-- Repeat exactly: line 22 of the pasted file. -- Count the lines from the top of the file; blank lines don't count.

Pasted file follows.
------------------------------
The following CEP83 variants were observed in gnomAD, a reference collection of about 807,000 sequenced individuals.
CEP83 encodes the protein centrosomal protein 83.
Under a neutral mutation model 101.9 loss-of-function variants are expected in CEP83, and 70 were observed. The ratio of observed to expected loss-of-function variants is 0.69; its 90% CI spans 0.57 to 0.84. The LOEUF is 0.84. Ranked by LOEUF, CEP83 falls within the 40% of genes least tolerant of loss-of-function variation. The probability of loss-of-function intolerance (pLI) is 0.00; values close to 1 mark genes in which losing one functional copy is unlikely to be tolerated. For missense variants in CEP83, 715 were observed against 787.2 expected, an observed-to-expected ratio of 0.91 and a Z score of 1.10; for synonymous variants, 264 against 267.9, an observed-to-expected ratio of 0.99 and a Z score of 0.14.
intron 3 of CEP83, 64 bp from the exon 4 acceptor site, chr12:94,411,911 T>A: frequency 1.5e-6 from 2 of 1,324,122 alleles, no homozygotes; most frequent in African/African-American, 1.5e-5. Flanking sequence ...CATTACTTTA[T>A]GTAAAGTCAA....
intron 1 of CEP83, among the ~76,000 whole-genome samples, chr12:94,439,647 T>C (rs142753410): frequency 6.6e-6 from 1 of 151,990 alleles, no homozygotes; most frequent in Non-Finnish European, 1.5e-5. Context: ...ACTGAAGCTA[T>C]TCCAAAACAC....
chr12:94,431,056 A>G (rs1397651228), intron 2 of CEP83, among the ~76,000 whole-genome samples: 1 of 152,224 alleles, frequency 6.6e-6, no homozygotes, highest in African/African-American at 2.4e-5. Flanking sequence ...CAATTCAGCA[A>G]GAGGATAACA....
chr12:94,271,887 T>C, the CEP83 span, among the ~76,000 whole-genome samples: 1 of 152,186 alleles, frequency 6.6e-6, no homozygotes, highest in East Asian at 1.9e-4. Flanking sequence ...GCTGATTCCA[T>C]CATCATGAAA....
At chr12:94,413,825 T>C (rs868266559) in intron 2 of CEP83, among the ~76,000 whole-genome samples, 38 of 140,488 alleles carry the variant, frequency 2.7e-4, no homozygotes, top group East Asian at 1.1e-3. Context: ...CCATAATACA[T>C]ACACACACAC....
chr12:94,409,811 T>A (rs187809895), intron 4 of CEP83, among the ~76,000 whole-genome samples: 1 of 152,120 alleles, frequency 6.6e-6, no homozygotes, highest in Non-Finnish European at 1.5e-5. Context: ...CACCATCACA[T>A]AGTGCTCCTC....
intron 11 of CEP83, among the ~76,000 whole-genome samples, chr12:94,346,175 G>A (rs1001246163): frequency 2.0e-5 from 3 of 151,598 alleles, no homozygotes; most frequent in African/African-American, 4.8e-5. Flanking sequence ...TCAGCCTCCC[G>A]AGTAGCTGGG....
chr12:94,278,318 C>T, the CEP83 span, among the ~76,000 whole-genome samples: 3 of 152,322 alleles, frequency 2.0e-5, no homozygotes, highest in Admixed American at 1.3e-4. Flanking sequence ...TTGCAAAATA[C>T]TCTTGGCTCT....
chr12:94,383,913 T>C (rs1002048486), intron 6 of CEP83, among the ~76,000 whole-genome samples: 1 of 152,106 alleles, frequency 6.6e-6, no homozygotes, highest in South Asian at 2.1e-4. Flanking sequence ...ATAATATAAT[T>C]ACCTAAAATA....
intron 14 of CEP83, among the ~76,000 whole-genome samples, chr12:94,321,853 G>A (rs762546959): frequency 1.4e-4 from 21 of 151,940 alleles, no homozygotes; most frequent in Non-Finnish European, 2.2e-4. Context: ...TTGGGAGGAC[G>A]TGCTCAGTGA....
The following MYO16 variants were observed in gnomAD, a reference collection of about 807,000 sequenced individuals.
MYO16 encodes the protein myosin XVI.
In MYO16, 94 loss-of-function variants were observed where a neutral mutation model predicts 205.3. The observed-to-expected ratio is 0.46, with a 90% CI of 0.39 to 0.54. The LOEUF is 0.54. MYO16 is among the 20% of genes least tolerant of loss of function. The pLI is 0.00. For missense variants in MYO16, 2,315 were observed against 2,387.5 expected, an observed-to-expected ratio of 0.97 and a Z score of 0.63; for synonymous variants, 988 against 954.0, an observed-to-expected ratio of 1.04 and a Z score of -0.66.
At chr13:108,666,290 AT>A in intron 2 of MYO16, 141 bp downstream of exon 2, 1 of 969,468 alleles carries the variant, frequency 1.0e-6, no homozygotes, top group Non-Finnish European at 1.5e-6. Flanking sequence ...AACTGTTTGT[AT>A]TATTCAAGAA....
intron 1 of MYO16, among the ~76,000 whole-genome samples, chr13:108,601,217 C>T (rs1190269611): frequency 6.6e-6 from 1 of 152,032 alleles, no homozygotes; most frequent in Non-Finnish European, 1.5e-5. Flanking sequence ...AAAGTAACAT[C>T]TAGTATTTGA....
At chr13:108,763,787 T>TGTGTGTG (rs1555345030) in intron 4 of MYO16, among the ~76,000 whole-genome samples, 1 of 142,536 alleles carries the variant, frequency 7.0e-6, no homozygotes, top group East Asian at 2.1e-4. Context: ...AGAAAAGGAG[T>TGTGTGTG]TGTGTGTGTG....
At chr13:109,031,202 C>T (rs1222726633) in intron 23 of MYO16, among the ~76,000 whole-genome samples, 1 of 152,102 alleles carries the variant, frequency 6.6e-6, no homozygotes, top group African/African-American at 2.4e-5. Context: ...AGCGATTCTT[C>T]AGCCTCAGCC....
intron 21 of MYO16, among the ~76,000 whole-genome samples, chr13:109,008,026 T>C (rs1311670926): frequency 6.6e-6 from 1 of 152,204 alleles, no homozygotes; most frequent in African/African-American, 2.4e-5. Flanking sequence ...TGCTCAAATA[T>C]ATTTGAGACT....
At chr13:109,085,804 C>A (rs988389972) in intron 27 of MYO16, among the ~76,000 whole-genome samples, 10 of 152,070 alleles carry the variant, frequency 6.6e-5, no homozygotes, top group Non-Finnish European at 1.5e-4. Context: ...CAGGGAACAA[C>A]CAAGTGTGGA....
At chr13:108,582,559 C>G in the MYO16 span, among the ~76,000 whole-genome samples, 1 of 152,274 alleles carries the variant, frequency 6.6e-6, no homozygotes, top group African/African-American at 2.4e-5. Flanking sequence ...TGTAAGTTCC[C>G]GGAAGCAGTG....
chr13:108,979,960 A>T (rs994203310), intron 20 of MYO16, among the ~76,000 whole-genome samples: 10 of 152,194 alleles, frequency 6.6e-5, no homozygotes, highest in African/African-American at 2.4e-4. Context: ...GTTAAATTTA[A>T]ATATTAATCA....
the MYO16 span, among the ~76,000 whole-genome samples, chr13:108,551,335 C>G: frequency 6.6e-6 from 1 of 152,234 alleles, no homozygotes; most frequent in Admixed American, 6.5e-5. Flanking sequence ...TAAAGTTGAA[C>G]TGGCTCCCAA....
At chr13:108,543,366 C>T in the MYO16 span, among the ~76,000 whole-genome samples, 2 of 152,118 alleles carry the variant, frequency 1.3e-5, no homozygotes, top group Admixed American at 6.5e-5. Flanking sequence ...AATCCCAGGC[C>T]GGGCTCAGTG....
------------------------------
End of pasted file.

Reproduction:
At chr13:109,085,804 C>A (rs988389972) in intron 27 of MYO16, among the ~76,000 whole-genome samples, 10 of 152,070 alleles carry the variant, frequency 6.6e-5, no homozygotes, top group Non-Finnish European at 1.5e-4. Context: ...CAGGGAACAA[C>A]CAAGTGTGGA....